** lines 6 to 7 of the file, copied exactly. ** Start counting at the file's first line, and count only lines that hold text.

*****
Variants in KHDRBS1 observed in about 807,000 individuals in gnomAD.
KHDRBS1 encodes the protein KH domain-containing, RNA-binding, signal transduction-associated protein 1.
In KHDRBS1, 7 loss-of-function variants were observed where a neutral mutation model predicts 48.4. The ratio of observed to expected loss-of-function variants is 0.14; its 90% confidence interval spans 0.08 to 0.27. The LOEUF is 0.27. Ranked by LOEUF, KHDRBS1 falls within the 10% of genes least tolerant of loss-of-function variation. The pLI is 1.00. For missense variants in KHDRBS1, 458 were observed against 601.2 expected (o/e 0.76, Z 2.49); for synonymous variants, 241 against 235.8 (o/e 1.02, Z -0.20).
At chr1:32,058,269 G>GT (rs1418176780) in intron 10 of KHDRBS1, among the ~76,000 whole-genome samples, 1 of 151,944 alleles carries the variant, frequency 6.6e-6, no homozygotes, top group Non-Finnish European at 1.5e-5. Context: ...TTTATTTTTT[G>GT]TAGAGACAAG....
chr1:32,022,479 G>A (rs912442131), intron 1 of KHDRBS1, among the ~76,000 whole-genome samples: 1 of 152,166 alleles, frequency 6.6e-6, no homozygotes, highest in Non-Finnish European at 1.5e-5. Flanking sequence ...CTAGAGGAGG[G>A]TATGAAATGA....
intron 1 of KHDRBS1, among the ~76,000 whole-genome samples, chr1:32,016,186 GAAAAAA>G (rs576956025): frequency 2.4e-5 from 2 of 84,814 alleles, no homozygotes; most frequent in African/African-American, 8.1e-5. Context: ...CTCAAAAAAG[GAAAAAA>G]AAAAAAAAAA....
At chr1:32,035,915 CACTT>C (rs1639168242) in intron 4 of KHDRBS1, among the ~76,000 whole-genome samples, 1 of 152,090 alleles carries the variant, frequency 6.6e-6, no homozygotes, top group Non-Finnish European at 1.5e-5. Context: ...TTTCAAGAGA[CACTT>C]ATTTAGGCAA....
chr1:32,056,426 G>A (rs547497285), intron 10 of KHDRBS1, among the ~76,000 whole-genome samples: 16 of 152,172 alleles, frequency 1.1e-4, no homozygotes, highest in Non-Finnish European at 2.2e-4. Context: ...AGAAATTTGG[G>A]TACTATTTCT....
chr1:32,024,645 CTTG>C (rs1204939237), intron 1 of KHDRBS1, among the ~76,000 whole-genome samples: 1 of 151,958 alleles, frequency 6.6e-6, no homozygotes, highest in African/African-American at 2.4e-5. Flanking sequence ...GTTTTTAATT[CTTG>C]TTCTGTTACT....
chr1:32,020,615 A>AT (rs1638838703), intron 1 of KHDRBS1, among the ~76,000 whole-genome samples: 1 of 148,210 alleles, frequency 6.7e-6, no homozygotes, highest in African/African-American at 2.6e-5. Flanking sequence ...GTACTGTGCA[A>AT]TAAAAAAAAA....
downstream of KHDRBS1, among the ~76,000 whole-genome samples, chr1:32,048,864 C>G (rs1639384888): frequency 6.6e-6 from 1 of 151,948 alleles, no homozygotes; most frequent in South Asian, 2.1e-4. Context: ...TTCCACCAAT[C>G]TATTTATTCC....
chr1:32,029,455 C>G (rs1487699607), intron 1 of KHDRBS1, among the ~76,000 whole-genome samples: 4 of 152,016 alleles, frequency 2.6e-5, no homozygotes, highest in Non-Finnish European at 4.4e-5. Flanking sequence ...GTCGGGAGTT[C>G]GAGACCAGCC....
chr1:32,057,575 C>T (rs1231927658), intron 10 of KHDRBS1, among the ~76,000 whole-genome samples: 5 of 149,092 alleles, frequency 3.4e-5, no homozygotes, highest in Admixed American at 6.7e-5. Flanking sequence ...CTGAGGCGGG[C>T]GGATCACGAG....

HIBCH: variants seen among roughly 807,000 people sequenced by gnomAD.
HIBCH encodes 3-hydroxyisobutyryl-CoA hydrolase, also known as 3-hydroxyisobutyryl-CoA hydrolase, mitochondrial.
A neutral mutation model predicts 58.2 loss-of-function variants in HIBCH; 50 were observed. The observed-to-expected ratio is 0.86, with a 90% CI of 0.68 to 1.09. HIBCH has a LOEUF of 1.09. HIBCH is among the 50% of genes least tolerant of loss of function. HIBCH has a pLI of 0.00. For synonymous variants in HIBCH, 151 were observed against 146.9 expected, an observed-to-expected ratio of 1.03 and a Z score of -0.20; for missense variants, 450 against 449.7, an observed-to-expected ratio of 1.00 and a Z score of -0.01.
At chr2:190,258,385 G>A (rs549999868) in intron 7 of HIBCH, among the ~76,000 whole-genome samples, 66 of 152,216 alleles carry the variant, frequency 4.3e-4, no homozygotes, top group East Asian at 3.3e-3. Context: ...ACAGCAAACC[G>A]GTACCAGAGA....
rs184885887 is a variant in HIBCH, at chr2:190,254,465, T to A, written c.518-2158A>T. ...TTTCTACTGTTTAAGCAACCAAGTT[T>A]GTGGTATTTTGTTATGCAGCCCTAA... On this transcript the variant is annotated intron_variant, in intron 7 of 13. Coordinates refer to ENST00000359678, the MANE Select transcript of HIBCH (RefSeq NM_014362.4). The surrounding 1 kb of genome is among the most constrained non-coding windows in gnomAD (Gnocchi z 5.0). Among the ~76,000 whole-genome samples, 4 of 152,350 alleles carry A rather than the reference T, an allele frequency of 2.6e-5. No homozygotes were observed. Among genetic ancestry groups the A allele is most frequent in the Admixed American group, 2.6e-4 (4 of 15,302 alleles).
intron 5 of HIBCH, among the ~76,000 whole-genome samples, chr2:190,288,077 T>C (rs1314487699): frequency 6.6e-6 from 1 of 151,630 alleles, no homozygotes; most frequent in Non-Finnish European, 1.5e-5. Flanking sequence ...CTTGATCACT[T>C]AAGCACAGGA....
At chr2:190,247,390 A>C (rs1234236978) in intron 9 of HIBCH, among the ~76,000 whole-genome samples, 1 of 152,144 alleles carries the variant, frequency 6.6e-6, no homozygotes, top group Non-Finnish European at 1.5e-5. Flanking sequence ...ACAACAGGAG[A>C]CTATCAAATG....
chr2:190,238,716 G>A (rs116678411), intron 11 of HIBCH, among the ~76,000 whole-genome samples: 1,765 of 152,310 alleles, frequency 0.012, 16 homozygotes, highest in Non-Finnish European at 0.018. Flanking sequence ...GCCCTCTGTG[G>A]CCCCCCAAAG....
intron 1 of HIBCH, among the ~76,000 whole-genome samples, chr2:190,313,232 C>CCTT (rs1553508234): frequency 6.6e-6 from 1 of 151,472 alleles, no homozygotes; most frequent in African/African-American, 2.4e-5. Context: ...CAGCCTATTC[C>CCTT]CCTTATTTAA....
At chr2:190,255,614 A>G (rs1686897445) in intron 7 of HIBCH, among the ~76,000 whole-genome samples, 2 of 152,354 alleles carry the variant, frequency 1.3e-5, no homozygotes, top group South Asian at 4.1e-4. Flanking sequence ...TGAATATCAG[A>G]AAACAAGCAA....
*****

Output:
intron 1 of KHDRBS1, among the ~76,000 whole-genome samples, chr1:32,016,186 GAAAAAA>G (rs576956025): frequency 2.4e-5 from 2 of 84,814 alleles, no homozygotes; most frequent in African/African-American, 8.1e-5. Context: ...CTCAAAAAAG[GAAAAAA>G]AAAAAAAAAA....
At chr1:32,035,915 CACTT>C (rs1639168242) in intron 4 of KHDRBS1, among the ~76,000 whole-genome samples, 1 of 152,090 alleles carries the variant, frequency 6.6e-6, no homozygotes, top group Non-Finnish European at 1.5e-5. Context: ...TTTCAAGAGA[CACTT>C]ATTTAGGCAA....